Stop at the miradors for superb views of the rocky coastal cliffs along the way. Save the drive for as late in the afternoon as possible when the light is at its best. The lighthouse on the cape is a popular spot for sunset and you’ll often find groups here enjoying wine and cheese while they wait.

Formentor Peninsula via Alcúdia

From the Peninsula, it’s a half hour (24km) drive to Alcúdia on the MA-2210 to Port de Pollenca, then along the MA-2220 around the bay to the historic walled town.

Stretch your legs on a walk around Alcúdia’s ramparts before exploring the old centre. Have a drink and something to eat in the main square, where the action is focused after dark.

Alcúdia to Palma

From Alcúdia follow the signs back to Palma. It’s a direct 57-km trip back along the MA-13 motorway, which takes no more than 45 minutes. You can count the windmills on the way. Or count the minutes till you’re rewarding yourself for completing our Mallorca road trip with a cold glass of something.

We’ll be posting a guide to accommodation and restaurants on this route soon.

Have you been to the Catalan island? Do you have a favourite Mallorca road trip route? 



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  1. Michael

    Fellow travelers of Mallorca,
    I would like to ask some questions for my upcoming early September 6-day trip to Mallorca. We are thinking to stay in Palma for 2 days and to spend 4 days near a beach. Just FYI we have a 6-month old baby who will be on his first international travel : )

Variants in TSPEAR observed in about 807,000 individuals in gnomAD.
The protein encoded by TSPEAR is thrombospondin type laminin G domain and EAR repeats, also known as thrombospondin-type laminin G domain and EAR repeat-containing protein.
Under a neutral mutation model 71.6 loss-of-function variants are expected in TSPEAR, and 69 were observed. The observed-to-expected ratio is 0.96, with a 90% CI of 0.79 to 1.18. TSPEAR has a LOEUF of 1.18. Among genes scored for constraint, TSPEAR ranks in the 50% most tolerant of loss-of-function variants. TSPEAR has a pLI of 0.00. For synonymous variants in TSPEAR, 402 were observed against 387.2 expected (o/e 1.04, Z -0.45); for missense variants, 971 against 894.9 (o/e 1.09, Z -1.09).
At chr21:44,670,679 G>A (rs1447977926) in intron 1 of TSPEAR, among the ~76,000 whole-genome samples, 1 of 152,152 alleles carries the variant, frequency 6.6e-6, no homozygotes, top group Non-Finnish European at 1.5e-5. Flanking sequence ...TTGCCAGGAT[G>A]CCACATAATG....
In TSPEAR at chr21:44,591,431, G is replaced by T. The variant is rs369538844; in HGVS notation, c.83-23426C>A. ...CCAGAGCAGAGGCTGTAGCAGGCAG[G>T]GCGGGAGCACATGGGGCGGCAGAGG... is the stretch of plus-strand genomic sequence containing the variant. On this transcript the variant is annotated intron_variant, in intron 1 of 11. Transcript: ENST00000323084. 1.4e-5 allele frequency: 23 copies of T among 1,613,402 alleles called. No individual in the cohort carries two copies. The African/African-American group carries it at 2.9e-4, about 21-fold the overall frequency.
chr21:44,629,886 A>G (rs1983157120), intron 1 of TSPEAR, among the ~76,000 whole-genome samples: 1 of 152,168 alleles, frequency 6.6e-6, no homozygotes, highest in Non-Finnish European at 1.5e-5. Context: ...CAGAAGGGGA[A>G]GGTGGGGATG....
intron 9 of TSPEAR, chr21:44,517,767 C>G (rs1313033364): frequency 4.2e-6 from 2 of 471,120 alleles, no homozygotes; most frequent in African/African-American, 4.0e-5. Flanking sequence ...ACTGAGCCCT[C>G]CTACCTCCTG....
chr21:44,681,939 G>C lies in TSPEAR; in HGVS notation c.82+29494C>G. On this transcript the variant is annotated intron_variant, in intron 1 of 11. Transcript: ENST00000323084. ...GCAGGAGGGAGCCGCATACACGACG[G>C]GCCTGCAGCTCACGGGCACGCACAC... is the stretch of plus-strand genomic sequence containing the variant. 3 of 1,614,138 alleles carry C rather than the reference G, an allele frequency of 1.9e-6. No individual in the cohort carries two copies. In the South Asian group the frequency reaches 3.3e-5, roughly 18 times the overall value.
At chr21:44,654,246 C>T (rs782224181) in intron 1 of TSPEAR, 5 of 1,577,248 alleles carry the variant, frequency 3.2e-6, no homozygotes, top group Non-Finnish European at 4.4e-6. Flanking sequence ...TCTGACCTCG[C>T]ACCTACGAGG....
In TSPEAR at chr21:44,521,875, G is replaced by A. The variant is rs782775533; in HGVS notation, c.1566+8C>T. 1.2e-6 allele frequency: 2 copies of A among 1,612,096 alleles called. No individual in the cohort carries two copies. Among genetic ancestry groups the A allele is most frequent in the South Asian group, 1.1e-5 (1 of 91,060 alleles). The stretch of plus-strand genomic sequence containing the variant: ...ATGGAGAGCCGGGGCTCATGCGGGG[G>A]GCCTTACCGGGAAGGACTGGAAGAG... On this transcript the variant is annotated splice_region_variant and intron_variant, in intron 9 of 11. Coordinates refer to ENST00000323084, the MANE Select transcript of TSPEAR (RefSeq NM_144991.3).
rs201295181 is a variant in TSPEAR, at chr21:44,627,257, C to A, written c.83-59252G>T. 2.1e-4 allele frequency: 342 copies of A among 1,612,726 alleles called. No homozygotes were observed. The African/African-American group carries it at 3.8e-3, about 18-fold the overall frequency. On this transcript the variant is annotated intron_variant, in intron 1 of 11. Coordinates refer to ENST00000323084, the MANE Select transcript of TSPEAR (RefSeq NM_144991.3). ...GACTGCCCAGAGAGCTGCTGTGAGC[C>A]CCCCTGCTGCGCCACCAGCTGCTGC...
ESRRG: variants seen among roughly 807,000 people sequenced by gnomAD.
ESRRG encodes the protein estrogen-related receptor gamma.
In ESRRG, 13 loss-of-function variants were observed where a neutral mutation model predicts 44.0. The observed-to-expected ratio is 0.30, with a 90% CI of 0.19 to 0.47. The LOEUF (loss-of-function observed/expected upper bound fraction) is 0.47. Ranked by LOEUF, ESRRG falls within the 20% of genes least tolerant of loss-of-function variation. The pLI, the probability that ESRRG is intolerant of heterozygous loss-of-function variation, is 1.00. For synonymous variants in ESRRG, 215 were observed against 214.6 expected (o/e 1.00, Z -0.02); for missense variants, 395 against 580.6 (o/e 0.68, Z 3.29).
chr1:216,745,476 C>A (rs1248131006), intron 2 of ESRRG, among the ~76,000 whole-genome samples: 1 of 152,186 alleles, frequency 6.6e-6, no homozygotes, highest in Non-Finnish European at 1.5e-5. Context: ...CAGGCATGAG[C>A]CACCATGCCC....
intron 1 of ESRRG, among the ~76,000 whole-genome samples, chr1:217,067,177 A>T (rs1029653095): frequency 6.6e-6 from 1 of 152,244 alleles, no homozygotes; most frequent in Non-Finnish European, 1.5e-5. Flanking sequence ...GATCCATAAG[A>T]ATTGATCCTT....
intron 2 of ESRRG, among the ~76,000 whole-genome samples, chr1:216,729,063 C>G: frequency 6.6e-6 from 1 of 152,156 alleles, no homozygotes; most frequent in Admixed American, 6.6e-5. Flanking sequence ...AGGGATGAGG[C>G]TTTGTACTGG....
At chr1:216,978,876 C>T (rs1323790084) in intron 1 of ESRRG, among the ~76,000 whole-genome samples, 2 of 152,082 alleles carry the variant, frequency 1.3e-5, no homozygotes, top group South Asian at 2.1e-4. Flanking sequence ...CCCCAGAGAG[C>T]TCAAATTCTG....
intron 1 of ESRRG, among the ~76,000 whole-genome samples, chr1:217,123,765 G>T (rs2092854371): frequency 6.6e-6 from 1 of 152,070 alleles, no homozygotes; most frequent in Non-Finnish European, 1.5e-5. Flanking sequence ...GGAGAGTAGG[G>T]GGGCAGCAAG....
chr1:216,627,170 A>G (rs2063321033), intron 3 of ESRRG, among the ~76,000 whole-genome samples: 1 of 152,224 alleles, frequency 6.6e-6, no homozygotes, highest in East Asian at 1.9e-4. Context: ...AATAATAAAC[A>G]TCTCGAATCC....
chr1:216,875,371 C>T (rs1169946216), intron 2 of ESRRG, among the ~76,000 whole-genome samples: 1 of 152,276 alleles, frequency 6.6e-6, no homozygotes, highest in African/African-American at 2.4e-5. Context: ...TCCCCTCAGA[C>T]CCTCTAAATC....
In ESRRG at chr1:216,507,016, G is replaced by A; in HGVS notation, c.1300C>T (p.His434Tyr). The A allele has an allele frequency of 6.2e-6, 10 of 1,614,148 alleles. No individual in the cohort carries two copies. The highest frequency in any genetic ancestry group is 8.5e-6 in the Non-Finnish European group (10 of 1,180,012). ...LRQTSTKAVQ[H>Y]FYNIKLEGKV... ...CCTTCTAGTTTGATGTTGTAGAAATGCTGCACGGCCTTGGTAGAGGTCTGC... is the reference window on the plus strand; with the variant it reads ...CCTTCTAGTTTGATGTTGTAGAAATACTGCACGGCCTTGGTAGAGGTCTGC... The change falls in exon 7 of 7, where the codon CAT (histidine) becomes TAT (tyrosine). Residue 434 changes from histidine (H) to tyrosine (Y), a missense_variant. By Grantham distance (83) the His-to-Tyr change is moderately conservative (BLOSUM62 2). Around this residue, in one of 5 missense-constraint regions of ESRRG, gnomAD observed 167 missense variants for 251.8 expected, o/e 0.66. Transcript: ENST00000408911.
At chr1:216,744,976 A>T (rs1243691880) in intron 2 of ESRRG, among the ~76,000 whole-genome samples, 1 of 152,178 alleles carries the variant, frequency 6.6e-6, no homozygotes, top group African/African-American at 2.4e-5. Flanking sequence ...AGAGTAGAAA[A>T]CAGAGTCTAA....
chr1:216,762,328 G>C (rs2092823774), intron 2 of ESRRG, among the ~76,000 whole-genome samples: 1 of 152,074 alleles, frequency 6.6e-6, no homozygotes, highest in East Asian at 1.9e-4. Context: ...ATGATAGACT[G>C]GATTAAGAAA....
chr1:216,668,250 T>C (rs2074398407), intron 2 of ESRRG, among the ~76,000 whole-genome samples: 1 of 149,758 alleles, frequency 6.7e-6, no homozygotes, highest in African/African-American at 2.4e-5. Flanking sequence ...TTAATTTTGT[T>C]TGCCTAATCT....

Basically I am trying to resolve my desire to avoid the “mass market” (I’d like to stay in a quaint charming village) and “sleepy town” (I’d like there to be something going on in the evenings) in the Southeast of Mallorca. My question is generally whether Santanyi is a quaint village with enough nightlife to make it a perfect place to stay, or is it really more sleepy, suggesting that because we will be in the Southeast we should sacrifice our hunt for the idyllic and “unspoilt” and just stay in one of the resort towns of Cala d’Or, or somewhere in the area.
    After seeing some pictures of Santanyi, I got the impression that it was a vibrant, charming little village and we decided to base in Santanyi for excursions to Cala Llombards, Cala Ratjan and the Cala d’Or area beaches. After walking the town via google, I got the impression of Santanyi was that it closes at 4 or 5 o’clock, a bit on the sleepy side with very little activity after 5p… I plan to be at a bar/restaurant from 5 or so daily, and am curious whether the village has real Mallorcan food, and also if it is as quaint and charming a village as you’ll find in the Southeast.
    Also, it is important to us to have local Mallorcan cooking and culture.
    Any general and specific thoughts you might have are greatly appreciated.
    Cheers!

  2. Lara Dunston

    Hi Michael, I have posts scheduled over coming days/weeks that should answer all of your questions, but just quickly for now: Santanyi heaves in summer, and those impossibly gorgeous little beaches get very crowded, but things could be starting to quieten down (in a good way) in September. If you saw empty streets the shots were probably taken in the middle of the day – when everyone is at the beach. I don’t think it’s hard to find a bar anywhere on Mallorca for a 5pm drink. It’s harder to find great local food in tourist towns, where it’s easier to get a pizza, but it is possible. They’ll generally be tucked away on the backstreets rather than the main square. And I’ve heard Santanyi has become a lot more cosmopolitan since more and more foreigners have bought holiday houses there. More on Mallorca soon! Thanks for dropping by!